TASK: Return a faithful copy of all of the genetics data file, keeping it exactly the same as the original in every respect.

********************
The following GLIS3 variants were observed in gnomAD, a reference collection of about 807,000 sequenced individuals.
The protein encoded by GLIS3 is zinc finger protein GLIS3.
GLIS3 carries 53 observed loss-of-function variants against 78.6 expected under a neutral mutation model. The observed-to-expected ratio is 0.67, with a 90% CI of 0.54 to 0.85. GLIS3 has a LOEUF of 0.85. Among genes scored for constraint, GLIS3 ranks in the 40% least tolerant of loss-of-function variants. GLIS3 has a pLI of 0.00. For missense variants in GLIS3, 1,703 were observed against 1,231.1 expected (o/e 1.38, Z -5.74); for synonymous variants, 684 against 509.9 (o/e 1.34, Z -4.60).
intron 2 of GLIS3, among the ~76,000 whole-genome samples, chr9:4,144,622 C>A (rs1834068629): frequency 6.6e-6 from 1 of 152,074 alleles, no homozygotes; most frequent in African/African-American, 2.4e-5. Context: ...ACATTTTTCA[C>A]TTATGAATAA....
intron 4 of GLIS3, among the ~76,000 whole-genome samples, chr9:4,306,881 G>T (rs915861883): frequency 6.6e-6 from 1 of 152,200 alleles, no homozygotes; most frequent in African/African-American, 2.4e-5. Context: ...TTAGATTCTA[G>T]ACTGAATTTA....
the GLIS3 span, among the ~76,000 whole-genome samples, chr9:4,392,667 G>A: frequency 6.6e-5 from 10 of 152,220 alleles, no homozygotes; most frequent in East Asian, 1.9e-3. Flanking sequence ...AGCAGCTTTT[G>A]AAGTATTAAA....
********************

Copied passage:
The following GLIS3 variants were observed in gnomAD, a reference collection of about 807,000 sequenced individuals.
The protein encoded by GLIS3 is zinc finger protein GLIS3.
GLIS3 carries 53 observed loss-of-function variants against 78.6 expected under a neutral mutation model. The observed-to-expected ratio is 0.67, with a 90% CI of 0.54 to 0.85. GLIS3 has a LOEUF of 0.85. Among genes scored for constraint, GLIS3 ranks in the 40% least tolerant of loss-of-function variants. GLIS3 has a pLI of 0.00. For missense variants in GLIS3, 1,703 were observed against 1,231.1 expected (o/e 1.38, Z -5.74); for synonymous variants, 684 against 509.9 (o/e 1.34, Z -4.60).
intron 2 of GLIS3, among the ~76,000 whole-genome samples, chr9:4,144,622 C>A (rs1834068629): frequency 6.6e-6 from 1 of 152,074 alleles, no homozygotes; most frequent in African/African-American, 2.4e-5. Context: ...ACATTTTTCA[C>A]TTATGAATAA....
intron 4 of GLIS3, among the ~76,000 whole-genome samples, chr9:4,306,881 G>T (rs915861883): frequency 6.6e-6 from 1 of 152,200 alleles, no homozygotes; most frequent in African/African-American, 2.4e-5. Context: ...TTAGATTCTA[G>T]ACTGAATTTA....
the GLIS3 span, among the ~76,000 whole-genome samples, chr9:4,392,667 G>A: frequency 6.6e-5 from 10 of 152,220 alleles, no homozygotes; most frequent in East Asian, 1.9e-3. Flanking sequence ...AGCAGCTTTT[G>A]AAGTATTAAA....